| A Word to the Wise
Verbum satis sapientibus: A word to the wise is sufficient
by Gerald Waite
Our word ounce is from the Latin uncia, meaning one-twelfth, so how is it that we measure sixteen ounces in our standard pound? And does anything make sense to you about “lb.,” our abbreviation for pound?
On the first weekend of this month, we may hear that the Kentucky Derby is ten furlongs in length, or a mile and a quarter. The furlong, an eighth of a mile, was calculated originally as the length of a single furrow that a horse would plow on a ten-acre-square field. The word literally means “a furrow-length,” but I try in vain to envision one of those sleek bluegrass bluebloods in a plow’s traces.
A glimpse at our world of measurement is this month’s topic, and a quirky but intriguing world it is. (We’ll ignore the modern metric system, which is too logical to be much fun.) First let’s consider our traditional system of weights. The need to determine weight began in the marketplace, particularly with produce and precious metals.
The Egyptians established the Western system of weights based on a humble seed, the barleycorn, and so it pretty much remains today. Seeds on one side of a scale were balanced against the cabbage or silver on the other side. For example, 60 grains equaled one shekel, 60 shekels were a mina, and so on. Europe gradually introduced adaptations of this system. Rome’s libra pondo, or pound by weight, was divided into twelve (not sixteen) uncia of 437 grains each. Libra can mean a scale or a pound, while pondo is not the source of our word pound but instead means weight. Libra pondo also is the source of our abbreviation “lb.,” by the way. And don’t say you didn’t wonder.
Eventually, in England and other Western states, the ounce was increased from 437 to 480 grains, still known as the troy pound after a French medieval town. Our modern troy and apothecary pound systems retain the twelve ounce, 5,760-grain pound. During the Middle Ages, merchants decided the troy pound was too small for ordinary use. Thus your scale in the bathroom is based on the more familiar avoirdupois pound (AHV-erd-e-POISE or goods of weight). This pound was thereby increased to 1,700 grains and the familiar sixteen ounces.
Calculating lengths has a similarly rustic origin. Or origins, depending on the country and the time period. For example, Burma (modern Myanmar) still uses the width of a man’s thumb and grains of rice as the bases of different lengths. Noah’s cubit was the distance from elbow to fingertip. In many Western lands, too, a man’s thumb for an inch and his foot for, naturally, a foot was about all that was needed in communities that were small and isolated.
However, as commercial markets broadened, more uniform and exact sizes were needed. In Egypt, for instance, the length of a linear foot was no longer just any man’s foot, but the pharaoh’s. This approach spread westward and improved standardization within individual countries, except that successive rulers often changed the length to conform to their own shoe size.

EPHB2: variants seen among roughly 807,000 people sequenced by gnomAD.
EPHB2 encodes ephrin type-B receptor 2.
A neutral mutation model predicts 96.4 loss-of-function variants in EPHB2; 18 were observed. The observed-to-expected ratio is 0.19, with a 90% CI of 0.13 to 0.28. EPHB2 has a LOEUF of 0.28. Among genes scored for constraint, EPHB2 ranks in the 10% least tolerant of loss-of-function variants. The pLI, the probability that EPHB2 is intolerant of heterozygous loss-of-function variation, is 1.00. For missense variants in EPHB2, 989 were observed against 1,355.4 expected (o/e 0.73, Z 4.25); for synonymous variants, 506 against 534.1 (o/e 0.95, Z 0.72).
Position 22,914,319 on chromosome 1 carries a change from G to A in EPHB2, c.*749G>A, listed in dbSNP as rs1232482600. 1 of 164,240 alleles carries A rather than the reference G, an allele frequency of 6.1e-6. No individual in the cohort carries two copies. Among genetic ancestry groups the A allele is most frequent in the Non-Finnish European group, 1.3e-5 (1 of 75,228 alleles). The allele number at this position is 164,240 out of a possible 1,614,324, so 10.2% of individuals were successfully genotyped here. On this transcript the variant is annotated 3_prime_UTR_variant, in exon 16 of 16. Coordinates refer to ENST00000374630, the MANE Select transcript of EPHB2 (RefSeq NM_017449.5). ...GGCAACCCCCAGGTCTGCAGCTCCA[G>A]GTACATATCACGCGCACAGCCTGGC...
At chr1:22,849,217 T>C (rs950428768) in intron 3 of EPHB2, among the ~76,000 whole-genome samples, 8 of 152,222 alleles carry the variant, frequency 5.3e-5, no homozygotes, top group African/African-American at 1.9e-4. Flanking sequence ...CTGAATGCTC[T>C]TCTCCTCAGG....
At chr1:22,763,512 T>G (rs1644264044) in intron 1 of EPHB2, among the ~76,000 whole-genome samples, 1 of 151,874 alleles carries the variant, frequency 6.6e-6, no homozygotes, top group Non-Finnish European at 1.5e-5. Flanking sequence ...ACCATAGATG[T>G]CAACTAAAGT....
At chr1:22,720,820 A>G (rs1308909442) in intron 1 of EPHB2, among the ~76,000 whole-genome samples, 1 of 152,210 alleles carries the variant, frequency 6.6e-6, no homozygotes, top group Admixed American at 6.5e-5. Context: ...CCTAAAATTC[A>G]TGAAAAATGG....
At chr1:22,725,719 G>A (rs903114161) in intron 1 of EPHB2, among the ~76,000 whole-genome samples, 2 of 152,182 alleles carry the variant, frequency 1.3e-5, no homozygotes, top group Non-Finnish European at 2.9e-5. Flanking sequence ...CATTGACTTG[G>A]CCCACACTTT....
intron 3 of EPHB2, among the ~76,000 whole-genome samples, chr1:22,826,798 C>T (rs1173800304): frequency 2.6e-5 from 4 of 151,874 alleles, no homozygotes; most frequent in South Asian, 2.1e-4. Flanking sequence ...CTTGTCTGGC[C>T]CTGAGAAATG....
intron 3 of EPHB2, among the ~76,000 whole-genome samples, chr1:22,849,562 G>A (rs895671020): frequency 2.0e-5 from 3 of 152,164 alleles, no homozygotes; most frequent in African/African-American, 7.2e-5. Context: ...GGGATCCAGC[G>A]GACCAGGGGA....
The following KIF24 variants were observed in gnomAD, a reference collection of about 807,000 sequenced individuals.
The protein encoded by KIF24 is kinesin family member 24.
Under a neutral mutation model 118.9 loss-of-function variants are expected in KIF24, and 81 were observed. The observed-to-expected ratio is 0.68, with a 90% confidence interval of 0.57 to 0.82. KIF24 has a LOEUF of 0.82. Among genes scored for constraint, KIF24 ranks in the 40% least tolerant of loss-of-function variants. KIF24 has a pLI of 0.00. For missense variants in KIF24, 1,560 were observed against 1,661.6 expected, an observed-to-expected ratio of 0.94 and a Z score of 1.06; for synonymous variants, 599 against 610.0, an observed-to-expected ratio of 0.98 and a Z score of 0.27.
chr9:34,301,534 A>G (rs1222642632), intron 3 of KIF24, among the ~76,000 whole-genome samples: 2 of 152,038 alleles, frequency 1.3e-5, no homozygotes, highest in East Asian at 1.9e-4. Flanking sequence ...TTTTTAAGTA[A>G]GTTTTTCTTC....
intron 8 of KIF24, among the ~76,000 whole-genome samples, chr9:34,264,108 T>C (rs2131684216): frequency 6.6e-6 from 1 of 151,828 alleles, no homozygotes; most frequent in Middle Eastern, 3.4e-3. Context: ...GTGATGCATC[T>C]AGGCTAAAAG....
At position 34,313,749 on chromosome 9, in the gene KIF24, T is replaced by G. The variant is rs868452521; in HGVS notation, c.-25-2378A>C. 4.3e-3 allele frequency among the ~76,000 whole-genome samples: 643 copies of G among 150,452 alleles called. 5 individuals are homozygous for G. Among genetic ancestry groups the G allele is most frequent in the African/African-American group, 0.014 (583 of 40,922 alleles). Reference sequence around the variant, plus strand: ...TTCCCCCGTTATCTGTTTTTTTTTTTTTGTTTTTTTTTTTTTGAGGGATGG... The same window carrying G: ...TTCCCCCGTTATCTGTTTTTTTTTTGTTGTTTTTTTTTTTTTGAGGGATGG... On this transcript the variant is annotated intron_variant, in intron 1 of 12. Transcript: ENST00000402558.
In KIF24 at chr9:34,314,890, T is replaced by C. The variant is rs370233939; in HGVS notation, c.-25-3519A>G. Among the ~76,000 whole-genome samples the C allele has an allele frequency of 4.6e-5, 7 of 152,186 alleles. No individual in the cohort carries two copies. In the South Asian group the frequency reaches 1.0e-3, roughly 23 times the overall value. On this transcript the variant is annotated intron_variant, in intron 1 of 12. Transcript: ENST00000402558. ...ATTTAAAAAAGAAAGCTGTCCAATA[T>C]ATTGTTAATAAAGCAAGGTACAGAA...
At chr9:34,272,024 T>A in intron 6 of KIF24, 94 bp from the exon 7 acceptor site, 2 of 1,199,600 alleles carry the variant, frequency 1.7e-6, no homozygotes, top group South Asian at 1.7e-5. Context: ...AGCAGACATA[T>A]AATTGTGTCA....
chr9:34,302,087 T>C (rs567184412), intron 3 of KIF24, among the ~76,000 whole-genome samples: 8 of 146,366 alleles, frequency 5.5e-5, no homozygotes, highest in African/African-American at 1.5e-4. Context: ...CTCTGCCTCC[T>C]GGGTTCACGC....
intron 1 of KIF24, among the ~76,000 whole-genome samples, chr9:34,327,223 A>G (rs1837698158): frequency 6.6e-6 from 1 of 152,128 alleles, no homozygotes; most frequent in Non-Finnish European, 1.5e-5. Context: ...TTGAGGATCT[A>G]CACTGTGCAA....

Eventually, in England and elsewhere, the simple barleycorn came into play, as it had for weights, with three and later four decreed to an inch. Under the redoubtable Elizabeth I, a yard was defined as the distance from the end of her regal nose to her longest fingertip. Even today, clerks in fabric stores have used this simple method to measure cloth.
In medieval times, an acre was the amount of land that a pair of oxen could plow in a day. Our word mile comes from the Latin term for a thousand. The Roman mile was calculated at one thousand paces of a marching legionnaire. It was a bit shorter than ours today, at 1,618 yards. Over time, various distances were assigned, until a statute under Elizabeth I, again, declared the mile to be our modern 1,760 yards or 5,280 feet, known as the statute mile.
The nautical mile was developed earlier, before 600 B.C., in the Mideast. Commerce over any distance was generally by water, and measurement of distance was crucial to mariners. Travelers overland could describe their journey as, say, three days journey on foot. However, the wind, the currents, the tides and the mode of locomotion over the water made it necessary to determine a more scientific and exact measurement. Astronomers pointed the way to a reasonable solution, based on the circumference of the earth.
More on that next time. We might also consider the evolution of our nomenclature and our divisions of time and the calendar. And we also need to solve the riddle of shoe sizes.
Word for the month
Canny (CAN-knee), an adjective native to Scotland and far northern England, probably related to cunning. To be canny is to be knowing, sagacious, leaning to the wily and clever. It often suggested a roguish air, especially as the English applied it to their northern neighbors. Here’s a good example from Sir Walter Scott (1816): “If ye’ll let me hear the question,’ said Edie, with the caution of a canny Scotchman, ‘I’ll tell you whether I’ll answer it or no.’” It’s a darling word.
Editor’s Note: Questions or comments are welcome. Write MM or direct messages to email@example.com